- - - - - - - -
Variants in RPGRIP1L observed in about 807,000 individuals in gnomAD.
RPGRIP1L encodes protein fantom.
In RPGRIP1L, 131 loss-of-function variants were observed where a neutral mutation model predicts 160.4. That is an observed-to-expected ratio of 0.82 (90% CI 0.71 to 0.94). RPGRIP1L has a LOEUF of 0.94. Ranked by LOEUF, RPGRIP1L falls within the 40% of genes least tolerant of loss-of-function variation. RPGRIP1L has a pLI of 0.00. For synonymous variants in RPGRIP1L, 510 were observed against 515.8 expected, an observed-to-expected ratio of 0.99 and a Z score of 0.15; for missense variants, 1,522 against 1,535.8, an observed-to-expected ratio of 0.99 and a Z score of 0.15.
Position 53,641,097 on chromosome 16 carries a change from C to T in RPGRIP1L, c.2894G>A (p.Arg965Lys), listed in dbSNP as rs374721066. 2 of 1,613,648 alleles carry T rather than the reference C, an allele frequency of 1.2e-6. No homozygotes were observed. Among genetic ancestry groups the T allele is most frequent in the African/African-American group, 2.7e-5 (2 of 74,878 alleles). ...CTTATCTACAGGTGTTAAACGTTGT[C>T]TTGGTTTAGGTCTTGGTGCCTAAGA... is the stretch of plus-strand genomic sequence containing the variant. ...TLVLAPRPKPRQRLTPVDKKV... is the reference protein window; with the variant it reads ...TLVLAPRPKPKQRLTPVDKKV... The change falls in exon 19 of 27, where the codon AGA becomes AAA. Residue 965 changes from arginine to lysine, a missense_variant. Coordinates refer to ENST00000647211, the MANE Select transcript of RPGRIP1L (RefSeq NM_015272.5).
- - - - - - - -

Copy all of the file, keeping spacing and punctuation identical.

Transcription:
Variants in RPGRIP1L observed in about 807,000 individuals in gnomAD.
RPGRIP1L encodes protein fantom.
In RPGRIP1L, 131 loss-of-function variants were observed where a neutral mutation model predicts 160.4. That is an observed-to-expected ratio of 0.82 (90% CI 0.71 to 0.94). RPGRIP1L has a LOEUF of 0.94. Ranked by LOEUF, RPGRIP1L falls within the 40% of genes least tolerant of loss-of-function variation. RPGRIP1L has a pLI of 0.00. For synonymous variants in RPGRIP1L, 510 were observed against 515.8 expected, an observed-to-expected ratio of 0.99 and a Z score of 0.15; for missense variants, 1,522 against 1,535.8, an observed-to-expected ratio of 0.99 and a Z score of 0.15.
Position 53,641,097 on chromosome 16 carries a change from C to T in RPGRIP1L, c.2894G>A (p.Arg965Lys), listed in dbSNP as rs374721066. 2 of 1,613,648 alleles carry T rather than the reference C, an allele frequency of 1.2e-6. No homozygotes were observed. Among genetic ancestry groups the T allele is most frequent in the African/African-American group, 2.7e-5 (2 of 74,878 alleles). ...CTTATCTACAGGTGTTAAACGTTGT[C>T]TTGGTTTAGGTCTTGGTGCCTAAGA... is the stretch of plus-strand genomic sequence containing the variant. ...TLVLAPRPKPRQRLTPVDKKV... is the reference protein window; with the variant it reads ...TLVLAPRPKPKQRLTPVDKKV... The change falls in exon 19 of 27, where the codon AGA becomes AAA. Residue 965 changes from arginine to lysine, a missense_variant. Coordinates refer to ENST00000647211, the MANE Select transcript of RPGRIP1L (RefSeq NM_015272.5).